A humble garnish most of the year, parsley elbows its way into the kitchen every spring when the garden’s overwintered plants bolt and the sheer mass of green simply must be dealt with. Sure, you can make tabbouleh. Deborah Madison describes her recipe as “moist and intensely green, practically a parsley salad”, and it’s earthy and hearty, a lovely way to use that first flush of spring mint besides.
But then what?
I casted about for ideas. A friend suggested chimichurri, which I dutifully concocted for grilled steaks. Tasty. Still, there was plenty more parsley. Much more. I consulted my cookbooks; English chef Simon Hopkinson suggests a potato-based parsley soup, which sounded too frankly plain, as well as a parsley salad tossed with anchovies, olives, and capers. I wasn’t sure about that either, but after noting a similar Alice Waters recipe, I allowed that there might be something I didn’t know about here.
Indeed. We adored this bright, briny, green pasta, which matches wonderfully with fresh tuna. And it’s so easy to make that I’m glad — dare I say — this year’s parsley seedlings have broken ground.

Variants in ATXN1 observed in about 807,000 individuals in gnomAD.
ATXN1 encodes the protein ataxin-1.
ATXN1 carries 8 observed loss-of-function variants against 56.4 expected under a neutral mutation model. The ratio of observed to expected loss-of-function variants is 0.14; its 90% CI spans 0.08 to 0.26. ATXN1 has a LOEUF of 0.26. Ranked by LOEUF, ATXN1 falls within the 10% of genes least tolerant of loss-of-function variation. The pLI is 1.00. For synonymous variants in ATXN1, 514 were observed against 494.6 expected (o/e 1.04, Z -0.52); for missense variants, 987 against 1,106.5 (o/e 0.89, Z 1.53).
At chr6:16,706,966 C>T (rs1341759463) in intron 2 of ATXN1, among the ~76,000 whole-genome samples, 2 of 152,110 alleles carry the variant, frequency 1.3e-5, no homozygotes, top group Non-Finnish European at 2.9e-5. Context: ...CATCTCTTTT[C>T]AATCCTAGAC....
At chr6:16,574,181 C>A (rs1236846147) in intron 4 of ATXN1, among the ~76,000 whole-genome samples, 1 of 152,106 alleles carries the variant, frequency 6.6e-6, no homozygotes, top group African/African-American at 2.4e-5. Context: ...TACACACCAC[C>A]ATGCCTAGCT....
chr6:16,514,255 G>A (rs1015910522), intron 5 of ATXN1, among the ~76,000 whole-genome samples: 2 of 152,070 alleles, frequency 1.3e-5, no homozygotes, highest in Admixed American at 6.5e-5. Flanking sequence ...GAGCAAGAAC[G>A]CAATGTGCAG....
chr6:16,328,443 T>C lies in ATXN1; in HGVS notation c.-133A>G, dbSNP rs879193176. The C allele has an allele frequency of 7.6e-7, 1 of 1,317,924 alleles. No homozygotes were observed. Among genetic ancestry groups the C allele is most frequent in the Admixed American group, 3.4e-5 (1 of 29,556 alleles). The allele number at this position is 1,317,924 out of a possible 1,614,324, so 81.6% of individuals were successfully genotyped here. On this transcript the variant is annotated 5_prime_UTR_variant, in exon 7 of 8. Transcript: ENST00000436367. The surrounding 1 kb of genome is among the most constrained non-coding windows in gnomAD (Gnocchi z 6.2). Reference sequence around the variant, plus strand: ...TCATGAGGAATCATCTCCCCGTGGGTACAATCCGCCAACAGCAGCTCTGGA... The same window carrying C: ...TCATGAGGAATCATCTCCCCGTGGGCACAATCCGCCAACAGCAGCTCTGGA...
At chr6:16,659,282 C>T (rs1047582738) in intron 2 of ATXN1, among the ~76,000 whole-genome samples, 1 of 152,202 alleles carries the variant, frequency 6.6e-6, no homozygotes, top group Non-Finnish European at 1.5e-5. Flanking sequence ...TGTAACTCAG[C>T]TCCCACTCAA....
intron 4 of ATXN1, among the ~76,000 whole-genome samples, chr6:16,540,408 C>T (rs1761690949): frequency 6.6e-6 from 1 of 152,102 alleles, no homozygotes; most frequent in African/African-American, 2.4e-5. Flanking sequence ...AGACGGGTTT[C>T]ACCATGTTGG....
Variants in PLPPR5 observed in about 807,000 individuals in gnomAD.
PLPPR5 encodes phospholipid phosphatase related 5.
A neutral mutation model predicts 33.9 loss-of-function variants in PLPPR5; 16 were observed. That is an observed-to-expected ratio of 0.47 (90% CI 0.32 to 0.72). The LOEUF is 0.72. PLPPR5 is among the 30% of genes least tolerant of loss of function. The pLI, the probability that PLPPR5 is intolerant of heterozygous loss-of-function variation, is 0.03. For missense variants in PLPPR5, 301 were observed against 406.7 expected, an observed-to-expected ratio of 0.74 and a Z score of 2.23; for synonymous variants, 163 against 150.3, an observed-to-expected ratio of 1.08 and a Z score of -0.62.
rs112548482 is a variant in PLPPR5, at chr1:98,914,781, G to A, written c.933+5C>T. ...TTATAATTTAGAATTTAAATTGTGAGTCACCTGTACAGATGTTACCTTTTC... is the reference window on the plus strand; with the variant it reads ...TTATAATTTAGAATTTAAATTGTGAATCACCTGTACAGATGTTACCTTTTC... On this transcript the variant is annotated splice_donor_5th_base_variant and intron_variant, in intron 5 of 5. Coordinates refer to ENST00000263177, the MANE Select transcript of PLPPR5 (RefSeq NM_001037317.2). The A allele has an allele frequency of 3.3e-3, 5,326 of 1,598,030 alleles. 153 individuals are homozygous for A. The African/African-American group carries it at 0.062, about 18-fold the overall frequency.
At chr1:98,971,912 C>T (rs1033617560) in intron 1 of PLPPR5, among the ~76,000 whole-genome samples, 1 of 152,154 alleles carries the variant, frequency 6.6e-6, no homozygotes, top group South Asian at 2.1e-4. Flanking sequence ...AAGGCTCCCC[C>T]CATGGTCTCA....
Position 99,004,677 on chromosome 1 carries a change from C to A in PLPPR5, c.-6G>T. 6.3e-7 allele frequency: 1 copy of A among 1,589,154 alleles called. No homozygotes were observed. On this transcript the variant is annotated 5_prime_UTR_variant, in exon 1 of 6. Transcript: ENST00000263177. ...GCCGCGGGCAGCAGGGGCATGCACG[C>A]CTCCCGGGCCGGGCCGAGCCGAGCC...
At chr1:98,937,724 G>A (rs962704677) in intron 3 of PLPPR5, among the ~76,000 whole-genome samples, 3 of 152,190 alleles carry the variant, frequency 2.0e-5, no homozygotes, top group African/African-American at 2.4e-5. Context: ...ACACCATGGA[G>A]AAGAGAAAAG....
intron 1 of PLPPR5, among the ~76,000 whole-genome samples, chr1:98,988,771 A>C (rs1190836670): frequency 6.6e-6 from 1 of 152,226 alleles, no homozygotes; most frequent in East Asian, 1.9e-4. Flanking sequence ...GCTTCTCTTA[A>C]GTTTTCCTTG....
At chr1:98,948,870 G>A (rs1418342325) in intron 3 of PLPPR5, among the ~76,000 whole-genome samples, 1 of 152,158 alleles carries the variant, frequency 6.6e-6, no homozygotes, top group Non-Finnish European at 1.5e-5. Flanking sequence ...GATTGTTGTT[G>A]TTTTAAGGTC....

Green Fettucine with Briny Tuna
½ pound tuna steak / 1 garlic clove, minced / 1 tbls capers / 10 or so olives, chopped roughly / 1 lemon / ½ cup parsley, chopped finely / ½ pound fettucine / ¼ cup olive oil / salt & pepper to taste
Slice tuna thinly. Zest the lemon, then slice off the ends, cut away the white pith, and slice the remaining flesh into rounds. Begin cooking the pasta.
Heat a large skillet over high heat. Swirl 1 tbls of the oil in the pan, then saute tuna until no longer raw, 2 to 3 minutes. Reduce heat to medium. Add garlic, capers, olives, and lemon zest and rounds and cook, stirring, for another minute or so. When pasta is ready, drain and toss tuna with pasta, parsley, and remaining olive oil. Taste and add salt and pepper to taste. Sprinkle with Parmesan cheese, if desired. Feeds 2. Adapted from Alice Waters and Simon Hopkinson.